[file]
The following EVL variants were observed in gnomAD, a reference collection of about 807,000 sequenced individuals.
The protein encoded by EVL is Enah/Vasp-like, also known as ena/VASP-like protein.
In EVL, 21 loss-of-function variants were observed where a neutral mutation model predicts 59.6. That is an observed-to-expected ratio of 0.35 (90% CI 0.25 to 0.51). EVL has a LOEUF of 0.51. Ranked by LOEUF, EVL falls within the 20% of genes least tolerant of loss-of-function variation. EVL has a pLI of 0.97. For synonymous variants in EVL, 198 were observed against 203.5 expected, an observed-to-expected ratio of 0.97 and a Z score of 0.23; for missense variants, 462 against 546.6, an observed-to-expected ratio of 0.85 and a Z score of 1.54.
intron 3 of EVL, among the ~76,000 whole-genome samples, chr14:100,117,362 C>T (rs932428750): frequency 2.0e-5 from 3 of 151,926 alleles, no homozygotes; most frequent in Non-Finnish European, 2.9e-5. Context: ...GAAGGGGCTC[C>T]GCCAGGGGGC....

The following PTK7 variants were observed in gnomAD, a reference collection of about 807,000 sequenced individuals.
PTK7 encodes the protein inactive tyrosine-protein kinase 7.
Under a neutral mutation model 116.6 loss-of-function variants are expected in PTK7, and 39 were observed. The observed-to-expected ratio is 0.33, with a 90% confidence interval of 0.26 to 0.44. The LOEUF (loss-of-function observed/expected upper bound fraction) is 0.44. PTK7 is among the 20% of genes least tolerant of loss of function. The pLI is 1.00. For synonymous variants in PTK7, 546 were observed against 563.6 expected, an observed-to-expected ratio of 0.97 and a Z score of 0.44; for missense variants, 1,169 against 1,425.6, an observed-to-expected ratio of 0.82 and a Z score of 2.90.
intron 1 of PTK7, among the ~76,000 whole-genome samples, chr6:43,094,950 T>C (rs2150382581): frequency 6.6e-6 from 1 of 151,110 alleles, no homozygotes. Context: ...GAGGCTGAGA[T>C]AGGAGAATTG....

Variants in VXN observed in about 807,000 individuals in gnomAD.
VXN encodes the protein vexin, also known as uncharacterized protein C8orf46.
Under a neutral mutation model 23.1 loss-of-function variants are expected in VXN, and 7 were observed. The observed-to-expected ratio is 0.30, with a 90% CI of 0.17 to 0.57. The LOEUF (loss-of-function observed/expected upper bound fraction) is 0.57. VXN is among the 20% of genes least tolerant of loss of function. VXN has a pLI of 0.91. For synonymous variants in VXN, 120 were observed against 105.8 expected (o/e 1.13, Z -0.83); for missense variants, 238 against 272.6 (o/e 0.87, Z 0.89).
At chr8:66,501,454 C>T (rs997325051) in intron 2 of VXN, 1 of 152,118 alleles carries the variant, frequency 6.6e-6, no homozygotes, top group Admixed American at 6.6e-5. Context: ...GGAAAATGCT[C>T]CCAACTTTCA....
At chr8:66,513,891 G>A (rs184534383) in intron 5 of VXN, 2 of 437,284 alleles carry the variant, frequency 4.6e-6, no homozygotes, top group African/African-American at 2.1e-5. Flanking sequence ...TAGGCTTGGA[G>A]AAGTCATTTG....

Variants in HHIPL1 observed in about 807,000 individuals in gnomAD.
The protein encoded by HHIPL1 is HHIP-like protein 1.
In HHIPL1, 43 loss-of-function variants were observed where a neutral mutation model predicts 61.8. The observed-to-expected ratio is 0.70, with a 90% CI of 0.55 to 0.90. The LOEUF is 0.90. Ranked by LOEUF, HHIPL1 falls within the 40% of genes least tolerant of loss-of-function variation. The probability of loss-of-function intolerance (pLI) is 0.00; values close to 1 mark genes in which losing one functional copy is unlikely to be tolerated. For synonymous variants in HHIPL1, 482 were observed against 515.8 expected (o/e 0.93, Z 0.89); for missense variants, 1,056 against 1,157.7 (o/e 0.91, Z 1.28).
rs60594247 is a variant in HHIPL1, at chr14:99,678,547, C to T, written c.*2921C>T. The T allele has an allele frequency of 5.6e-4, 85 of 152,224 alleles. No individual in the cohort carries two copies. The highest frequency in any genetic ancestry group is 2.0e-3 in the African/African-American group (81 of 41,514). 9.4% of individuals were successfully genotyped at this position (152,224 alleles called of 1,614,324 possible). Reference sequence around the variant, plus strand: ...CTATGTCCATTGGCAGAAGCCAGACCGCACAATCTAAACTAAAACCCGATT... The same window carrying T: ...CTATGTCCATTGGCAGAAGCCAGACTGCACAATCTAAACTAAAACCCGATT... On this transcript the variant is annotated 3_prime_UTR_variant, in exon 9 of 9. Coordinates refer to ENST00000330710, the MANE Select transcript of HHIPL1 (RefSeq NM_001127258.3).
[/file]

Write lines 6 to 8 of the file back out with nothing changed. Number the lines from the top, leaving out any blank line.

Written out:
PTK7 encodes the protein inactive tyrosine-protein kinase 7.
Under a neutral mutation model 116.6 loss-of-function variants are expected in PTK7, and 39 were observed. The observed-to-expected ratio is 0.33, with a 90% confidence interval of 0.26 to 0.44. The LOEUF (loss-of-function observed/expected upper bound fraction) is 0.44. PTK7 is among the 20% of genes least tolerant of loss of function. The pLI is 1.00. For synonymous variants in PTK7, 546 were observed against 563.6 expected, an observed-to-expected ratio of 0.97 and a Z score of 0.44; for missense variants, 1,169 against 1,425.6, an observed-to-expected ratio of 0.82 and a Z score of 2.90.
intron 1 of PTK7, among the ~76,000 whole-genome samples, chr6:43,094,950 T>C (rs2150382581): frequency 6.6e-6 from 1 of 151,110 alleles, no homozygotes. Context: ...GAGGCTGAGA[T>C]AGGAGAATTG....